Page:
Wear shorts and hoodies in the US Senate chamber? That didn’t work at all until this informal rule was overturned a week ago, to the dismay of many. Now the senators have introduced a formal dress code.
Just days after relaxing the unofficial dress code in the US Senate, the House of Congress passed a resolution requiring senators to wear business attire. According to the formal dress code, which was introduced across party lines and passed unanimously, men must wear a jacket, long trousers and a tie when in the chamber. There are no special requirements for women.
Democratic Senate Majority Leader Chuck Schumer said a week ago that the staff of the Sergeant-at-Arms – the official protocol police of the congressional chamber – would no longer ensure compliance with a dress code. From now on, senators could choose how they dress in the Senate. Schumer made it clear: “I will continue to wear a suit.”
Abolition of the dress code caused outrage in the Senate
The background to the decision was John Fetterman’s entry into the Senate, even if Schumer did not explicitly mention his name. Fetterman has represented the state of Pennsylvania in Washington since January and usually wears his usual outfit of shorts, sneakers and a hoodie. The 54-year-old has often voted from doorsteps or just stuck his head into the plenary hall. He wore suits to committee meetings.
Many senators, especially Republicans, reacted indignantly to Schumer’s rule change because they saw the chamber’s dignity violated. Democratic Senator Joe Manchin and his Republican colleague Mitt Romney therefore introduced the resolution to establish a dress code.
“For 234 years, every senator who has had the honor of serving on this distinguished body has assumed that there are some basic written rules of decency, behavior and civility, including a dress code,” Manchin said in explaining the move. “We thought maybe it was time to finally codify something that has been the rule for 234 years.”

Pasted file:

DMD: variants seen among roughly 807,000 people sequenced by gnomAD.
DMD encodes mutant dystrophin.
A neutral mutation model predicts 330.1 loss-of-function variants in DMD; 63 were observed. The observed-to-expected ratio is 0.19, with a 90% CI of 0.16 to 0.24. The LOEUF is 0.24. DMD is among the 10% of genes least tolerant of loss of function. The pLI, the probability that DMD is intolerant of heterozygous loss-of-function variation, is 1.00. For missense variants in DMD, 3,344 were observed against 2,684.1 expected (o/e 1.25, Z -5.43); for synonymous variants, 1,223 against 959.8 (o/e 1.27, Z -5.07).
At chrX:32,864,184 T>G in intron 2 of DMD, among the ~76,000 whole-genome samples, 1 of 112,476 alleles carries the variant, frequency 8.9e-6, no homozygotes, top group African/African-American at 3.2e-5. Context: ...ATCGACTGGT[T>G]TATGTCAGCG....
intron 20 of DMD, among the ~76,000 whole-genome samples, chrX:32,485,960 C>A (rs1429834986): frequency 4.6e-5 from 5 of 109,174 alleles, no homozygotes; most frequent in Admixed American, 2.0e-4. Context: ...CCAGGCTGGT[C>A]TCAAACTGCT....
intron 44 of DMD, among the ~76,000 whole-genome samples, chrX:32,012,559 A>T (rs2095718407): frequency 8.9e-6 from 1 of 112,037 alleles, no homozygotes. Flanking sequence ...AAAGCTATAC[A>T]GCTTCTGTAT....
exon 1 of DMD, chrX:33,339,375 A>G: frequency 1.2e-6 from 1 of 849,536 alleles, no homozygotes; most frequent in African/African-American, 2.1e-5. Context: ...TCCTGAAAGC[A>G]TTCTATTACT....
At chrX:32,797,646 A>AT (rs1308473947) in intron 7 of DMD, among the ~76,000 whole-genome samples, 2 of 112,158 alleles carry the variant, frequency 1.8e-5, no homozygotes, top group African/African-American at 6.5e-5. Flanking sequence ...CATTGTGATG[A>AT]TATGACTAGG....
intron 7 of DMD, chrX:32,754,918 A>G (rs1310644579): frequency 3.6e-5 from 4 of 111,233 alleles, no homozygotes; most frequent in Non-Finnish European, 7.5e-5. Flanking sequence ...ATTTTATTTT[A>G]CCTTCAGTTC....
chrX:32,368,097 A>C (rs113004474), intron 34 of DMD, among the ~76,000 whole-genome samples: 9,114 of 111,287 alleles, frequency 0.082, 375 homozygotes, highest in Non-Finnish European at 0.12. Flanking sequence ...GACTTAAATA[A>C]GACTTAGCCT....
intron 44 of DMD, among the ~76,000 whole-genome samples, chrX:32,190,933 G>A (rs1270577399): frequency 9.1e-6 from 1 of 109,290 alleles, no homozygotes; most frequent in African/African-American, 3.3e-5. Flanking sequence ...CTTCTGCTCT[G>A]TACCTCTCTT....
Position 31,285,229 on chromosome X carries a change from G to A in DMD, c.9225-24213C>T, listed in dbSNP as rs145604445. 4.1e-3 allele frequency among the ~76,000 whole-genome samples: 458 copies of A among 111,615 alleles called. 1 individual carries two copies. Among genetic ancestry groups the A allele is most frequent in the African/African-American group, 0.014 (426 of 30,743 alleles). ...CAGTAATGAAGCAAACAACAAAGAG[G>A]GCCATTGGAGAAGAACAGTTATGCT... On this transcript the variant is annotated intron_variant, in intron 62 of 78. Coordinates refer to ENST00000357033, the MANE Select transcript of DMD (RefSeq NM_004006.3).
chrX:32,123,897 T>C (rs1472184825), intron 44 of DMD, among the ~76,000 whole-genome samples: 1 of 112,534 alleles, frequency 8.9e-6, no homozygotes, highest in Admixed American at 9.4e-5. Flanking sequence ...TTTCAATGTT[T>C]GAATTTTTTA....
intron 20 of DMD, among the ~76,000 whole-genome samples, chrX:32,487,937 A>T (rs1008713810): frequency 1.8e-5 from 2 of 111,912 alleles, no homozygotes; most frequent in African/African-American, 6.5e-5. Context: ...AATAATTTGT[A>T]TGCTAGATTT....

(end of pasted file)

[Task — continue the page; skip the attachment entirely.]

Romney emphasized that the United States Capitol is more than just a workplace. “It is a symbol of freedom and democracy in the world. […] As senators, we should show a high level of reverence for the institution we serve — and our clothing is one of the most fundamental expressions of that respect.”
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Fetterman had already stated before the dress code was passed that he would use his new freedom sparingly and wear business attire when voting in the Senate. Schumer thanked him in the plenary for his concession: “Although we have never had an official dress code, the events of the last week have given us the feeling that adopting a dress code is the right thing to do,” said the majority leader. “I greatly appreciate that Senator Fetterman worked with me to reach an agreement that we all find acceptable.”
I have been working in the news industry for over 6 years, first as a reporter and now as an editor. I have covered politics extensively, and my work has appeared in major newspapers and online news outlets around the world. In addition to my writing, I also contribute regularly to 24 Hours World.